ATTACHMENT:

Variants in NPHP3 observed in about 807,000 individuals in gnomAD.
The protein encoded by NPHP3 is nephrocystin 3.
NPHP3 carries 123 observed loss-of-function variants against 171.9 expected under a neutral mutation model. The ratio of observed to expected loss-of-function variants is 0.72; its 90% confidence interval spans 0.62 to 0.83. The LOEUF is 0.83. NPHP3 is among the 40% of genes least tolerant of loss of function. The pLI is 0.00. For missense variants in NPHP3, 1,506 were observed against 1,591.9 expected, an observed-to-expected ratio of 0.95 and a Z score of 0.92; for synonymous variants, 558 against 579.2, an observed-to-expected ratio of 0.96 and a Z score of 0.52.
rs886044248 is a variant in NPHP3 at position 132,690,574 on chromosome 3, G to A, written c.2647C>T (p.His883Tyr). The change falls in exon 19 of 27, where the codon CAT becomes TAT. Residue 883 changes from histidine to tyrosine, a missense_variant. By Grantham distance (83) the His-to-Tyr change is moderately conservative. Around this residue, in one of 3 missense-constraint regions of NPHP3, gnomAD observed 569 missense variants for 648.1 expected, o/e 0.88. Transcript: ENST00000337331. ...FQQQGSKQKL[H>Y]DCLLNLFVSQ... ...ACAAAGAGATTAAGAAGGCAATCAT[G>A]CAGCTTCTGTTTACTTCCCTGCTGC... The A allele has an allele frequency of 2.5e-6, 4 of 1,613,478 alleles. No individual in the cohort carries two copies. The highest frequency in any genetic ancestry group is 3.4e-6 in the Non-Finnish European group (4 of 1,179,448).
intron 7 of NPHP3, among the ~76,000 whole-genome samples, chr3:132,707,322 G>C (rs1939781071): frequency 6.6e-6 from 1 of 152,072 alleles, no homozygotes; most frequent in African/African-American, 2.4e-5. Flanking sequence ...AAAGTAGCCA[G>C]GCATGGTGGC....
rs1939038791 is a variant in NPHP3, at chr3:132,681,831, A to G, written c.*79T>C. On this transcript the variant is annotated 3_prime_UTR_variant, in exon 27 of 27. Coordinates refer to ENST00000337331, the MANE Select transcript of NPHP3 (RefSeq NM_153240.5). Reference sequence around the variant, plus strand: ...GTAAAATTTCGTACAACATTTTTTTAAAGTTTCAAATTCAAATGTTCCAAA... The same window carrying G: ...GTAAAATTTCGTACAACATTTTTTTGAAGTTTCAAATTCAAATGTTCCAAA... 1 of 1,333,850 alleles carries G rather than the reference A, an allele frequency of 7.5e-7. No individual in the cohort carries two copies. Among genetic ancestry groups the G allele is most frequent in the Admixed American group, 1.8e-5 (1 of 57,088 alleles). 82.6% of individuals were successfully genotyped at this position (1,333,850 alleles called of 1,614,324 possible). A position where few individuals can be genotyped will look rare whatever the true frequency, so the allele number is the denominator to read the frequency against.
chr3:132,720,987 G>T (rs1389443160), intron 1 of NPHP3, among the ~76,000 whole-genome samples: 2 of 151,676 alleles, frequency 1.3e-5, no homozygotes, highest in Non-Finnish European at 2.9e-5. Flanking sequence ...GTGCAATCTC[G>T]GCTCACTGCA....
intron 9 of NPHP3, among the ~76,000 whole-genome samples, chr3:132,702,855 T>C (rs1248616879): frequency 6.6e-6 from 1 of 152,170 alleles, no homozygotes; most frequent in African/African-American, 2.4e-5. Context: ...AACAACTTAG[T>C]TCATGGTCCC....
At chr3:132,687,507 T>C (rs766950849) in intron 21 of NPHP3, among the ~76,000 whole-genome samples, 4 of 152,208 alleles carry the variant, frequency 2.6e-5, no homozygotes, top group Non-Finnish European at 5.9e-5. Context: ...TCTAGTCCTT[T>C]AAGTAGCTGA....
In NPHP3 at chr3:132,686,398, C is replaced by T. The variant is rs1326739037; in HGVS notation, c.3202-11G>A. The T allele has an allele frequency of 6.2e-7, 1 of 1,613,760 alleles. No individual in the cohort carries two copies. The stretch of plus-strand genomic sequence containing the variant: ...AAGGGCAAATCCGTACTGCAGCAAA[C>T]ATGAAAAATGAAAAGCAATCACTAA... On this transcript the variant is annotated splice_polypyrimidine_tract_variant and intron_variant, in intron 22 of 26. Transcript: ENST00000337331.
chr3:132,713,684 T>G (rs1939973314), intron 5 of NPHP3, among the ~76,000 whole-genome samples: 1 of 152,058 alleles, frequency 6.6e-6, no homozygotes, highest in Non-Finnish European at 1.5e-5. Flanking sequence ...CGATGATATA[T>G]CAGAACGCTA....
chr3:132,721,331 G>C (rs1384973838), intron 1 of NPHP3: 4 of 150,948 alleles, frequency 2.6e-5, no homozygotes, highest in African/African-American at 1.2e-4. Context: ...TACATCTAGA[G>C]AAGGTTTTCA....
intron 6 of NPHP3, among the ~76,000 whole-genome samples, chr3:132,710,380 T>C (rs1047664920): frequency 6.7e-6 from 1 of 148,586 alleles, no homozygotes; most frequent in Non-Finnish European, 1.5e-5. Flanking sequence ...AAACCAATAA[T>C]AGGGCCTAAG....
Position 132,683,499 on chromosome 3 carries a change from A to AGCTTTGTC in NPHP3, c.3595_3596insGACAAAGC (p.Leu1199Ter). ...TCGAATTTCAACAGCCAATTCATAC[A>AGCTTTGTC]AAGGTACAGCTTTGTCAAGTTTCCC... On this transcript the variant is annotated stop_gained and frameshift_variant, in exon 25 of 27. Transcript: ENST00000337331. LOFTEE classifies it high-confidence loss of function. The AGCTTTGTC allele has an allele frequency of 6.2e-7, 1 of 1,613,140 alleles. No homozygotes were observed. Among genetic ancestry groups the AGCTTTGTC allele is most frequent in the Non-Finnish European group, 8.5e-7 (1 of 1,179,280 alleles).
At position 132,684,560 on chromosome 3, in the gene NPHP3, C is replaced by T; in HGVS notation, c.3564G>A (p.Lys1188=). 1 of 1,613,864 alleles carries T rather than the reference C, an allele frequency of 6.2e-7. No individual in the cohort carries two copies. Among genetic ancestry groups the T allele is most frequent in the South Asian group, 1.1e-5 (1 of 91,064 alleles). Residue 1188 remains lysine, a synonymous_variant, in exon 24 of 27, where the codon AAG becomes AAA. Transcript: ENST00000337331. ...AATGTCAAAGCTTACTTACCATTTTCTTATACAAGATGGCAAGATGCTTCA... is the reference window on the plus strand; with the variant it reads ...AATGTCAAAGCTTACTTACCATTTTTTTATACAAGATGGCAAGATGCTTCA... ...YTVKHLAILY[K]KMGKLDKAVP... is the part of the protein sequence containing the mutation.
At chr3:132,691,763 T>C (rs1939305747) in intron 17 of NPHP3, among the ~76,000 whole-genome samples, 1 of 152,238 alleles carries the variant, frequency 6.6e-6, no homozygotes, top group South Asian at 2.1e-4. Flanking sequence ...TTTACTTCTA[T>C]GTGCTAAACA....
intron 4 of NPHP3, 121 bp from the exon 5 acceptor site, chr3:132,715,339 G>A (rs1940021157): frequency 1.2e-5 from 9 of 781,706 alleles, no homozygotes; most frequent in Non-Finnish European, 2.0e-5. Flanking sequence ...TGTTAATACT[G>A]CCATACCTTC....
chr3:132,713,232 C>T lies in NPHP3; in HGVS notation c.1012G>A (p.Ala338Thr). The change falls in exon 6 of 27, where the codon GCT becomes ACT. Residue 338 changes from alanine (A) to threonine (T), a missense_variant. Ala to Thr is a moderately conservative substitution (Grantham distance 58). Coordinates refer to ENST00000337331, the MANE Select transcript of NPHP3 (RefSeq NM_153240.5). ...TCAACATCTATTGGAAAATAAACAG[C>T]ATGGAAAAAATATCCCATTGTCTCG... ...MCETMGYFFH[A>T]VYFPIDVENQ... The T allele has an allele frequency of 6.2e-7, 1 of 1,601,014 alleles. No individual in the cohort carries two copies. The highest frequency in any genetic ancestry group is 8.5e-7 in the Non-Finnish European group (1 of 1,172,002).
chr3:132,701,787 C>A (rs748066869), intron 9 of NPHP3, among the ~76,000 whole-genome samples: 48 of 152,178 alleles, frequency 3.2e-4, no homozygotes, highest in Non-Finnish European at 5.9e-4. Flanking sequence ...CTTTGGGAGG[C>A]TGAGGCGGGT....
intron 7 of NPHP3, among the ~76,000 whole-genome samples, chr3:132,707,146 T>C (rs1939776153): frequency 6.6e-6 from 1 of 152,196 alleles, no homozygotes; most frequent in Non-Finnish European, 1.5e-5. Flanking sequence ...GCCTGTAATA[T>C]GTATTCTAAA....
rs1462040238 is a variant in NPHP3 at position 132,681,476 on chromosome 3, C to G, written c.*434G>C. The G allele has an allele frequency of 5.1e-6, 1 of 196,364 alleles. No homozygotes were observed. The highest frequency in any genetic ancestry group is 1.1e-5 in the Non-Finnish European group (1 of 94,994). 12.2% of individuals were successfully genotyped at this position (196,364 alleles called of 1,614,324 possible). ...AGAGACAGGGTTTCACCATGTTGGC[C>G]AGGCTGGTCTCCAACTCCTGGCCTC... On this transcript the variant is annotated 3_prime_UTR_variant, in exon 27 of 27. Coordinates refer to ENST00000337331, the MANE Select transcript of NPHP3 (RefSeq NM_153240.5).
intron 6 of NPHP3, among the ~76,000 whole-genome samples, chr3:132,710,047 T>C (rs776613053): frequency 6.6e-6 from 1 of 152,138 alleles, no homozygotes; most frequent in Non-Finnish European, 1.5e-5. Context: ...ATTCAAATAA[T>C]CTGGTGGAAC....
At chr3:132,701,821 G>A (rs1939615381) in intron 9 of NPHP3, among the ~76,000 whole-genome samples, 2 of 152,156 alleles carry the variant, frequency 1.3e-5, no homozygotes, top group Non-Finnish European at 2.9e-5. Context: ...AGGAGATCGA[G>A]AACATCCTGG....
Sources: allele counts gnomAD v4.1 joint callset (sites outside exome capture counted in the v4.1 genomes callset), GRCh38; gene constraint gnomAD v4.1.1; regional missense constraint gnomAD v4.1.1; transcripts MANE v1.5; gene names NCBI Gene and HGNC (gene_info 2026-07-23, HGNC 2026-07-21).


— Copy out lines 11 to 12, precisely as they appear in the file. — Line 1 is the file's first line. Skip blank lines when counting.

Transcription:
chr3:132,713,684 T>G (rs1939973314), intron 5 of NPHP3, among the ~76,000 whole-genome samples: 1 of 152,058 alleles, frequency 6.6e-6, no homozygotes, highest in Non-Finnish European at 1.5e-5. Flanking sequence ...CGATGATATA[T>G]CAGAACGCTA....
chr3:132,721,331 G>C (rs1384973838), intron 1 of NPHP3: 4 of 150,948 alleles, frequency 2.6e-5, no homozygotes, highest in African/African-American at 1.2e-4. Context: ...TACATCTAGA[G>C]AAGGTTTTCA....